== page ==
Dirk Wainscotting

A-List Customer
Messages
354
Location
Irgendwo
It's not easy to get cloth that resembles that of the 40s/50s. It's not just heavier, it was denser too. Some cloth from the 50s, especially for cheaper suits, wasn't all that brilliant (there's a German tailor at the Cutter & Tailor who disparagingly calls it 'carpet').

To be authentic such repro suits would have to be available in common cloths of the time: serge, hopsack weaves, the heavier worsteds.
 

PeterB

One of the Regulars
Messages
183
Location
Abu Dhabi
Dirk,

You are right. The cloth was woven much tighter, I think, and of course was not always consistent (thick bits and thin bits here and there). I think the tailor on Cutter & Tailor is Zuschneider. He is extremely funny in what he writes, and is probably correct in calling it "carpet". Sator, on the same site, used to be very keen on thick cloth.
 

Dirk Wainscotting

A-List Customer
Messages
354
Location
Irgendwo
Is he (Sator) no longer keen? Lighter cloths have their place, but thicker cloths are now woefully underused - and less often produced.
A majority of men who wear suits nowadays wear paper-thin trousers in cold weather. They may have a coat on, usually some modern shorter-length "overcoat", which offers no protection to stop the cold penetrating the thin cloth of the trousers. It's no wonder people default to other clothes, thinking that suits are 'too thin' for winter wear.
 

PeterB

One of the Regulars
Messages
183
Location
Abu Dhabi
Dirk, I don't know what happened to Sator. I think he used to be on this forum. He was very keen on thick cloths, but then seemed to change his mind. He had good articles and posts on the Cutter and Tailor. I have found that the problem with the thin cloth is that it wrinkles quickly and loses its body unless it is gabardine or a fairly stiffly woven cloth. Nothing wrong with "carpet", and I don't fancy paying very high prices for what is, after all, just a suit. I have been buying heavier weights lately, and found that some of them are quite loosely woven, so will be good even in warmer temperatures. People here in Abu Dhabi think that thin cloth will be more suitable, but it wears out easily in the jacket cuffs, the top of the collar and the seat. Perspiration is a problem and will ruin thin cloth, even the good stuff. The thicker, lower quality cloths, on the other hand, survive well. I have a tweed suit that I have been wearing for the last 20 years here, without a problem.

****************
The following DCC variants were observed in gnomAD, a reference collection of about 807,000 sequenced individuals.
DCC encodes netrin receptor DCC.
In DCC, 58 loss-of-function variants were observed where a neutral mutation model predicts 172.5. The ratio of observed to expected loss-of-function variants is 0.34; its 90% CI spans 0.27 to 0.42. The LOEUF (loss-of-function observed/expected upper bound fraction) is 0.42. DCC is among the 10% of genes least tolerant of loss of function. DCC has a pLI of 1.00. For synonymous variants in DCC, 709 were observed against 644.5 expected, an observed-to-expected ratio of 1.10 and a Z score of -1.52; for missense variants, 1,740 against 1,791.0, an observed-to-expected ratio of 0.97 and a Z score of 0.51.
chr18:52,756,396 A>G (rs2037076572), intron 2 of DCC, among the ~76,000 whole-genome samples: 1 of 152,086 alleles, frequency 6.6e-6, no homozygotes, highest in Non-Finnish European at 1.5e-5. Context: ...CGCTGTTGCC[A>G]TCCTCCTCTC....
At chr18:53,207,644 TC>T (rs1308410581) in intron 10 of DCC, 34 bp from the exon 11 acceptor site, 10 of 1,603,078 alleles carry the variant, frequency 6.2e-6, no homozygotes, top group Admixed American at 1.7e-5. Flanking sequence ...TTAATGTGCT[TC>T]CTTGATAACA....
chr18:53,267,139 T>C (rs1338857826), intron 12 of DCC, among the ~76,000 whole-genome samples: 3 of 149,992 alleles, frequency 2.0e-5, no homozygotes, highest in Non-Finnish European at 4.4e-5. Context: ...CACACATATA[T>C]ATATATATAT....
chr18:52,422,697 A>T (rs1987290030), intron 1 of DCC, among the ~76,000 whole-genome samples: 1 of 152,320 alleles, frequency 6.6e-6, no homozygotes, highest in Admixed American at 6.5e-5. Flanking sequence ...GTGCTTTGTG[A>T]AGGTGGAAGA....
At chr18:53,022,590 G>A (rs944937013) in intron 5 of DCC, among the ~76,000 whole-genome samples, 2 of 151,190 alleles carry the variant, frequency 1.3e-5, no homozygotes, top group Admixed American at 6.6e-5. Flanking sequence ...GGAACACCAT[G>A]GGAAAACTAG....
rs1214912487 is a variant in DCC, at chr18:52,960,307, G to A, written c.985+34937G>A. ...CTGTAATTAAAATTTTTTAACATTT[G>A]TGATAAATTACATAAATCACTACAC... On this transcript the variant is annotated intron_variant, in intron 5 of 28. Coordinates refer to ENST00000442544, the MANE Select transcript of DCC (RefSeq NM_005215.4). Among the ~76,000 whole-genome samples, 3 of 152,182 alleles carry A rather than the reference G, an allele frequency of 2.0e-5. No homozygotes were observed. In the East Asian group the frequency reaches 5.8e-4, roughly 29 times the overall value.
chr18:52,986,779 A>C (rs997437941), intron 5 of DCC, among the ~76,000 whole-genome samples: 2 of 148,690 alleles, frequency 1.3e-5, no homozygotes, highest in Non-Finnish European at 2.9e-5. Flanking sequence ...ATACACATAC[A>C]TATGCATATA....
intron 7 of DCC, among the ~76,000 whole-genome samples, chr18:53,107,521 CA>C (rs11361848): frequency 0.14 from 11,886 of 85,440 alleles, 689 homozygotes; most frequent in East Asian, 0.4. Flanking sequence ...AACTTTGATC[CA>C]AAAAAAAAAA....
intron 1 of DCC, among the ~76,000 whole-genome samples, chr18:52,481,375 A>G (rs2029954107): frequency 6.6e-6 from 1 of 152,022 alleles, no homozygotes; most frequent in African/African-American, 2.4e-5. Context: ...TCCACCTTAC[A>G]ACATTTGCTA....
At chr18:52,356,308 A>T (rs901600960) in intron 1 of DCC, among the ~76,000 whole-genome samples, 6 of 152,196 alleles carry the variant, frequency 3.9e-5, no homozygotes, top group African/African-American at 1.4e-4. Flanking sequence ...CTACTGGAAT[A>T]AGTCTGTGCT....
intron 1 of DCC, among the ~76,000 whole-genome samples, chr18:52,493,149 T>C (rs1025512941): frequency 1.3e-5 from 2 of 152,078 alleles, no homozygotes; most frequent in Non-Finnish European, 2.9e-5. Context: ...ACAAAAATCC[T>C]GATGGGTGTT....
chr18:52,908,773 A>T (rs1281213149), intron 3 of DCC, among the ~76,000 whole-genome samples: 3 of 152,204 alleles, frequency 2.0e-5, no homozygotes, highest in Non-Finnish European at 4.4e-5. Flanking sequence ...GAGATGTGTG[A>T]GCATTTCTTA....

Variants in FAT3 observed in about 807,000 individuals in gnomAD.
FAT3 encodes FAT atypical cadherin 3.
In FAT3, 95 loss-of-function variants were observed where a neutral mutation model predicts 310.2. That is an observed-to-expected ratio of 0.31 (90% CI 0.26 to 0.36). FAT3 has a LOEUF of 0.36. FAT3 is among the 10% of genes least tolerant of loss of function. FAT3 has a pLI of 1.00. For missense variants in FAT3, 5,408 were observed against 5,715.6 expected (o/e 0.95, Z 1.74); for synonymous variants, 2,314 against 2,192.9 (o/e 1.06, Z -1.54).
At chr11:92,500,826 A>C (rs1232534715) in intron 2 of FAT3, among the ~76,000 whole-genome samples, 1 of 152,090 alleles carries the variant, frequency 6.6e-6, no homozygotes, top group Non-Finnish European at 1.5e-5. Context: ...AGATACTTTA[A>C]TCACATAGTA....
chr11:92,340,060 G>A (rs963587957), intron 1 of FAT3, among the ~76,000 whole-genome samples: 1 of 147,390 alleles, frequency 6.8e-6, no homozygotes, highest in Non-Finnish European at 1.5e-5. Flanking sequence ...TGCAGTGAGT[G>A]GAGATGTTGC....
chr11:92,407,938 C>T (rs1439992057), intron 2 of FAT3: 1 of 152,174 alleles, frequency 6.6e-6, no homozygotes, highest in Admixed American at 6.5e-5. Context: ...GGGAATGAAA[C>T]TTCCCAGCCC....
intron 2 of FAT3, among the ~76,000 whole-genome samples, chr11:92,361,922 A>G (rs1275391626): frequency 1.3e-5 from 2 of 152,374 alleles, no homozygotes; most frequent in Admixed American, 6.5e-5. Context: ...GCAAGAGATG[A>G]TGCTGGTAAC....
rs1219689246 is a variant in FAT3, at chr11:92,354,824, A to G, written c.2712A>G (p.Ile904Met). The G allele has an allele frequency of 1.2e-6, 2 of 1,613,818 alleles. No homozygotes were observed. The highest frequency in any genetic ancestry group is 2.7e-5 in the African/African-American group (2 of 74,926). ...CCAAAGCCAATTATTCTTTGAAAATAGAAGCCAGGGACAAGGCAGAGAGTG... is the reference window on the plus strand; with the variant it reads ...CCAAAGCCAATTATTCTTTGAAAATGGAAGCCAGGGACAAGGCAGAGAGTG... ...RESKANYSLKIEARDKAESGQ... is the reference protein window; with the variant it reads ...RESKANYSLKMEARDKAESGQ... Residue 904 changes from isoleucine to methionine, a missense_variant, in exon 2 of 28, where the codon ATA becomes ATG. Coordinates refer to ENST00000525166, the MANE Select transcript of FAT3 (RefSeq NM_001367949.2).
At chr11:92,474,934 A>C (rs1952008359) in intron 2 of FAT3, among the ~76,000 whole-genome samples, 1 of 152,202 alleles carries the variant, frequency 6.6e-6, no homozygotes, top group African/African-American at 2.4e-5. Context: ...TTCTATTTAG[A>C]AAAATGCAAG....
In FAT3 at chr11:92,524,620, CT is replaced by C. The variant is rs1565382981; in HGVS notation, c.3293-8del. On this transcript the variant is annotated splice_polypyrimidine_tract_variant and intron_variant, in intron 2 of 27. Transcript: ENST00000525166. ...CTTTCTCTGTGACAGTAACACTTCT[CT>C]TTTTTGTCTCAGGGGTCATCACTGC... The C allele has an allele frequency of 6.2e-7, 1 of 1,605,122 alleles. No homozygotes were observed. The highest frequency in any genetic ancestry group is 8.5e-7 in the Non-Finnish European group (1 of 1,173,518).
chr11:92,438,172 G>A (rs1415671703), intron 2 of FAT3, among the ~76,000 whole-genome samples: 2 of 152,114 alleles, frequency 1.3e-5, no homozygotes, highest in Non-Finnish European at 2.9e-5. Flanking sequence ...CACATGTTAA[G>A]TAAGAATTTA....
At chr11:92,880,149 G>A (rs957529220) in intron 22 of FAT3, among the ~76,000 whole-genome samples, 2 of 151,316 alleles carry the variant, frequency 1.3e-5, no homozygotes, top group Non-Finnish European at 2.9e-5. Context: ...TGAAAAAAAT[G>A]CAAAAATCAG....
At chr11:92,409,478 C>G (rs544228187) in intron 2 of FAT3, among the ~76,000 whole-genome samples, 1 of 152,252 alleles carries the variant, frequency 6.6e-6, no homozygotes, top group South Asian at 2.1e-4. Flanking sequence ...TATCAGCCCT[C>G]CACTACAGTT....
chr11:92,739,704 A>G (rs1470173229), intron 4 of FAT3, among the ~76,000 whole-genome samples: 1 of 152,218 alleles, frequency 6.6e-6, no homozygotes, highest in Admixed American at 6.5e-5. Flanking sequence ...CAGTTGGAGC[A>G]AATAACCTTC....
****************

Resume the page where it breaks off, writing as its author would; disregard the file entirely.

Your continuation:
Gary ferris

New in Town
Messages
1
Ladies and gents I am the owner of mapledoram and all you have said and discussed is true. The suits would not be made out of cashmere and they would thicker, denser and coarser material . However the suits are exact quality copies apart from the material and i have priced the product to sell. If you require feedback , please look at the company Facebook page and see what customers say. Alternatively instead of speculating go straight to the horses mouth and use the contact form on the company web page to message .
I am happy to answer any questions you may have.
Thank you
 

Mathematicus

A-List Customer
Messages
379
Location
Coventry, UK
Yeah, that's the thing, too fragile for me. If they'd noved on to something more robust....
I would say the problem is more with crazy wrinkling. Thinner material made of cachemire takes creases quite easily; the best quality cachemire suitings will last long but they will wrinkle every time they are worn (although if the material is really good these wrinkles should go away with some hanging).
Heavy cachemire coating does not have these problems, but it is bulky.